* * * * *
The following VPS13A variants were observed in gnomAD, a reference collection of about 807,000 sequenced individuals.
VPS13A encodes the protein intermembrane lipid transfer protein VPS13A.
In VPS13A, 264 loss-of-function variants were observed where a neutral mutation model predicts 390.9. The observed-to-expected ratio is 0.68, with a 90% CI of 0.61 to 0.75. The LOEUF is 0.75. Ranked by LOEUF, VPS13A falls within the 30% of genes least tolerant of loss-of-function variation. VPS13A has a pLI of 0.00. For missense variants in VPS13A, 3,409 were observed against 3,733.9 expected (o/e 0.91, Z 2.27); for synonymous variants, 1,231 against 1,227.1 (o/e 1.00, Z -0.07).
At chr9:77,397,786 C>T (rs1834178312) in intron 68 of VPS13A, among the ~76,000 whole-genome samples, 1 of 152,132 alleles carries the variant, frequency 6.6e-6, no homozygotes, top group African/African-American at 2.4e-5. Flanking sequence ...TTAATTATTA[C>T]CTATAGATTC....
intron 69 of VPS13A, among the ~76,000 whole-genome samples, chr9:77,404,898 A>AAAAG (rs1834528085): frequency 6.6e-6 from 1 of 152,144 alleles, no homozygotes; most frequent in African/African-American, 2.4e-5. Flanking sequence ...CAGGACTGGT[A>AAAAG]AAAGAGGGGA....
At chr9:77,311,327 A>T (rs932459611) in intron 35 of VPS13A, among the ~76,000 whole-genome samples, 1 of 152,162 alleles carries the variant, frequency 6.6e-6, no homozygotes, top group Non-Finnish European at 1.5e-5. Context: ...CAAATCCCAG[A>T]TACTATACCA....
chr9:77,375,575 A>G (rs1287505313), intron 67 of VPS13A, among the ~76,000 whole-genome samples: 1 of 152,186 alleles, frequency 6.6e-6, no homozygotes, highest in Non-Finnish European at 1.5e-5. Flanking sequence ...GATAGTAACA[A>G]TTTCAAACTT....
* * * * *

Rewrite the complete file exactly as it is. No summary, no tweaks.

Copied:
The following VPS13A variants were observed in gnomAD, a reference collection of about 807,000 sequenced individuals.
VPS13A encodes the protein intermembrane lipid transfer protein VPS13A.
In VPS13A, 264 loss-of-function variants were observed where a neutral mutation model predicts 390.9. The observed-to-expected ratio is 0.68, with a 90% CI of 0.61 to 0.75. The LOEUF is 0.75. Ranked by LOEUF, VPS13A falls within the 30% of genes least tolerant of loss-of-function variation. VPS13A has a pLI of 0.00. For missense variants in VPS13A, 3,409 were observed against 3,733.9 expected (o/e 0.91, Z 2.27); for synonymous variants, 1,231 against 1,227.1 (o/e 1.00, Z -0.07).
At chr9:77,397,786 C>T (rs1834178312) in intron 68 of VPS13A, among the ~76,000 whole-genome samples, 1 of 152,132 alleles carries the variant, frequency 6.6e-6, no homozygotes, top group African/African-American at 2.4e-5. Flanking sequence ...TTAATTATTA[C>T]CTATAGATTC....
intron 69 of VPS13A, among the ~76,000 whole-genome samples, chr9:77,404,898 A>AAAAG (rs1834528085): frequency 6.6e-6 from 1 of 152,144 alleles, no homozygotes; most frequent in African/African-American, 2.4e-5. Flanking sequence ...CAGGACTGGT[A>AAAAG]AAAGAGGGGA....
At chr9:77,311,327 A>T (rs932459611) in intron 35 of VPS13A, among the ~76,000 whole-genome samples, 1 of 152,162 alleles carries the variant, frequency 6.6e-6, no homozygotes, top group Non-Finnish European at 1.5e-5. Context: ...CAAATCCCAG[A>T]TACTATACCA....
chr9:77,375,575 A>G (rs1287505313), intron 67 of VPS13A, among the ~76,000 whole-genome samples: 1 of 152,186 alleles, frequency 6.6e-6, no homozygotes, highest in Non-Finnish European at 1.5e-5. Flanking sequence ...GATAGTAACA[A>G]TTTCAAACTT....